One thing Chris Upp found as he learned the dimensional stone industry is that a lot of equipment is Italian-made. This Pellegrini wire saw in Phenix Marble’s quarry is one such example. Photo: P&Q Staff

As Upp describes, Phenix Marble cuts and moves massive blocks with large equipment and processes the stone in its fabrication shop. In his first two years overseeing Phenix Marble, Upp guesses he ventured into five or six dimensional stone operations across the country. He also familiarized himself with the industry’s equipment vendors, which required yet another learning curve for the aggregate industry veteran.

As Upp managed Conco’s aggregate business, he did everything he could to learn the world around Phenix Marble.

“I was trying to see what other people were doing, what kind of equipment they were running, whose equipment it was, where to get the equipment, how they were processing, who they were selling to and what kind of physical [stone] characteristics we had that could give us a competitive advantage,” Upp says.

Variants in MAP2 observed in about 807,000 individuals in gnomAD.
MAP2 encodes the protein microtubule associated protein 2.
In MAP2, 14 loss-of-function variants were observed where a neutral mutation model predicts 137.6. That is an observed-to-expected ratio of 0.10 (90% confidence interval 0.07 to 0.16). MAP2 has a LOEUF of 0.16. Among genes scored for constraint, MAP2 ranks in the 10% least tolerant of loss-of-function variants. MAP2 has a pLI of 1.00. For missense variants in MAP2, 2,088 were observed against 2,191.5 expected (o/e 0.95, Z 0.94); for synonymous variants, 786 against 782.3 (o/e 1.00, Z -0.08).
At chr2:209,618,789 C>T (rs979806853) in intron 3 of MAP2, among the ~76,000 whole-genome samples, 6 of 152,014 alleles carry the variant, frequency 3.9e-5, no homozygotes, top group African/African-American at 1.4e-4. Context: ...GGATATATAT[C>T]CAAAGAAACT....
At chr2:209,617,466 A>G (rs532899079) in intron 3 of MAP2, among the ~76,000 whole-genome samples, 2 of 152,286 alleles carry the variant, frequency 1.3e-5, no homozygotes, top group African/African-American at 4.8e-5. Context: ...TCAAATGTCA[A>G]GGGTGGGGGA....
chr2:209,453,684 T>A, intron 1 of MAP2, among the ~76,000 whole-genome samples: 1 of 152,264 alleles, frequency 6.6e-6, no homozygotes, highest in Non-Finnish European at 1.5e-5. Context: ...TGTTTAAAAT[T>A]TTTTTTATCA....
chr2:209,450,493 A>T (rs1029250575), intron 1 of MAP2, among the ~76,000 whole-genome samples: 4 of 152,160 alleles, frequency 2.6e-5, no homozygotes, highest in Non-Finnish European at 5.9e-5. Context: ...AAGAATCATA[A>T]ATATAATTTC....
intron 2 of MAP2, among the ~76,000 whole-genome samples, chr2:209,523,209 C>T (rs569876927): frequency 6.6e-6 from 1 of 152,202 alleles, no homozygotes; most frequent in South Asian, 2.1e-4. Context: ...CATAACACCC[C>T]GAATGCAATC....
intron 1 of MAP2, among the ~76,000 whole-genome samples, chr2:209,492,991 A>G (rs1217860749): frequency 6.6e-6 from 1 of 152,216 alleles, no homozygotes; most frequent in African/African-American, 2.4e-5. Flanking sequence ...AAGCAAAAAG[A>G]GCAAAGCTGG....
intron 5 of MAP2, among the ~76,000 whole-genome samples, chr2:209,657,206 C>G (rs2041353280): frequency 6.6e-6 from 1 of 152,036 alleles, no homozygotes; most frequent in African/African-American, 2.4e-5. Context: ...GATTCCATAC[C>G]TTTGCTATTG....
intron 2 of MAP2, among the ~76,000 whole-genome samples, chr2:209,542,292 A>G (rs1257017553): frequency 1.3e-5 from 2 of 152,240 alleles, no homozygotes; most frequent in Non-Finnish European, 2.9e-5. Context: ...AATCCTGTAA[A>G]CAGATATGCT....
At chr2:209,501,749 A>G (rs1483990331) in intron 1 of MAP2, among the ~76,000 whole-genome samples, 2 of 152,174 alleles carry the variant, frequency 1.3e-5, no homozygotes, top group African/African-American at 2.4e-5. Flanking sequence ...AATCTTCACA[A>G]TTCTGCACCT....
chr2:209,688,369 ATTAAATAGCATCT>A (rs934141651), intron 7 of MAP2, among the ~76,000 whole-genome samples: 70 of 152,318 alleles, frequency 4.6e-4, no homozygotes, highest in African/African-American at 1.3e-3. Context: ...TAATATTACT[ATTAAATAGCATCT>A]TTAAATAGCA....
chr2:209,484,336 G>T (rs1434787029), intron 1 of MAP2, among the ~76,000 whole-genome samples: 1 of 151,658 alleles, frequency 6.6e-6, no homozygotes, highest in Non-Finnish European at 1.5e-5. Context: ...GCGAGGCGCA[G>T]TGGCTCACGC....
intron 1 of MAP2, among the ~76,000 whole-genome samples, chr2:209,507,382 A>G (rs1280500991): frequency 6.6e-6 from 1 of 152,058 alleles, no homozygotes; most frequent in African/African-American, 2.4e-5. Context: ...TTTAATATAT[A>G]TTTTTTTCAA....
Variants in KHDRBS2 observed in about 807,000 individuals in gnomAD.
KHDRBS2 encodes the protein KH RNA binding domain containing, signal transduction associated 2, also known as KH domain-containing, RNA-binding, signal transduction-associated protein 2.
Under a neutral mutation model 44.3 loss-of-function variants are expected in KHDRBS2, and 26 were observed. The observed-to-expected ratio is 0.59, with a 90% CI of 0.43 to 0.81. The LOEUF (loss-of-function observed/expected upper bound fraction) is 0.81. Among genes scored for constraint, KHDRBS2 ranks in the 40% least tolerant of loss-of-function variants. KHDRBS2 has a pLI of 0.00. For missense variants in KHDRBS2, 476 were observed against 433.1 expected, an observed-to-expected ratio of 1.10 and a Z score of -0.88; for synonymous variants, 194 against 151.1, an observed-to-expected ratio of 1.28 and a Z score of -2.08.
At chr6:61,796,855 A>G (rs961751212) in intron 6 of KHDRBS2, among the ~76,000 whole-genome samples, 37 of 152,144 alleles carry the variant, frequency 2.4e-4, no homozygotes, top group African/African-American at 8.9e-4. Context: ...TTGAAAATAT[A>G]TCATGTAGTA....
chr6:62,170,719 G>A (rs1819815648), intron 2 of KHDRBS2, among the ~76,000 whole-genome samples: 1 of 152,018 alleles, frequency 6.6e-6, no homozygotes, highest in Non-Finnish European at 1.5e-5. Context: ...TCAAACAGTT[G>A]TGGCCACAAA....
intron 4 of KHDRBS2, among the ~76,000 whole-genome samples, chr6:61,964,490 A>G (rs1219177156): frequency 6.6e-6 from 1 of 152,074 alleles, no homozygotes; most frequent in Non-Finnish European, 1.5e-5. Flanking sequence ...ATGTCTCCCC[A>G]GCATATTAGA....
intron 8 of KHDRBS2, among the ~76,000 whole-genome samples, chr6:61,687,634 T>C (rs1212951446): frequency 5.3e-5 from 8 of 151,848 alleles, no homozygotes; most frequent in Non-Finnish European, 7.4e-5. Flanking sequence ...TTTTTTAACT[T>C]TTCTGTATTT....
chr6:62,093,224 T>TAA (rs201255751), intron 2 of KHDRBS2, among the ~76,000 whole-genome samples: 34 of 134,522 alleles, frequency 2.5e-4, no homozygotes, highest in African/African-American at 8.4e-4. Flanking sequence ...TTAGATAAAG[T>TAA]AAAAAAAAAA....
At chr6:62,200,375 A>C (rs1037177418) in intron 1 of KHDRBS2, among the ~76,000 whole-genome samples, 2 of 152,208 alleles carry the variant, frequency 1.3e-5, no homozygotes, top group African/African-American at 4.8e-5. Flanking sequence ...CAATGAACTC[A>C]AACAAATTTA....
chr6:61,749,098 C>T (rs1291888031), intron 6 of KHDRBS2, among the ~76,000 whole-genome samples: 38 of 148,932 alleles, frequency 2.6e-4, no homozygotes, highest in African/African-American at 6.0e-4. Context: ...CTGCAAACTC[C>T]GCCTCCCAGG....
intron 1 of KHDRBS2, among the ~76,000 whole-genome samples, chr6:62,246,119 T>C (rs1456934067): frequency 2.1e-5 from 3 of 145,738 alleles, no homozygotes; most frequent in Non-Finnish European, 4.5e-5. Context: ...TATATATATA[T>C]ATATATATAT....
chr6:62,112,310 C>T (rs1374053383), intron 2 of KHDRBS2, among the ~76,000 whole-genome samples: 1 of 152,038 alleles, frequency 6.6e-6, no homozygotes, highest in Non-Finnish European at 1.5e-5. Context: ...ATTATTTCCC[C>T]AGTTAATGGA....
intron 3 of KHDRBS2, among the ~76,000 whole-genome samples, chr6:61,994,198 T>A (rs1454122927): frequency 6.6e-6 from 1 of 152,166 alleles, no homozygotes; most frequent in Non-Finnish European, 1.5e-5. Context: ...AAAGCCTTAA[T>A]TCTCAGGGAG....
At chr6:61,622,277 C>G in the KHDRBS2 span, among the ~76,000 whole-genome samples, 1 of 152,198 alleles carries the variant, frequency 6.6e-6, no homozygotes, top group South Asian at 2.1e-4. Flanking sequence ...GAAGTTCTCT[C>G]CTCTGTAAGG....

Upp ultimately learned that Phenix Marble’s stone offered advantages in hardness and durability.

“It’s like a 10,000-psi stone,” he says. “It can be used as a dimensional architectural product.”

Word has gotten out over the last few years about the stone and Phenix Marble’s abilities. In addition to the Missouri State Capitol, Phenix Marble has a few other exciting projects in the works, including a high-rise building in San Francisco.

These days, Upp isn’t as hands on with Phenix Marble as he was when the operation was getting off the ground again. He has, after all, gotten busier on the aggregate side of Conco’s business. But the new venture put some exciting challenges on his plate.

“We’ve been trying to get to the point where we’re getting into some of the bigger commercial projects,” Upp says.

Kevin Yanik

About the Author:

Kevin Yanik is the editor-in-chief of Pit & Quarry magazine. Yanik can be reached at 216-706-3724 or kyanik@northcoastmedia.net.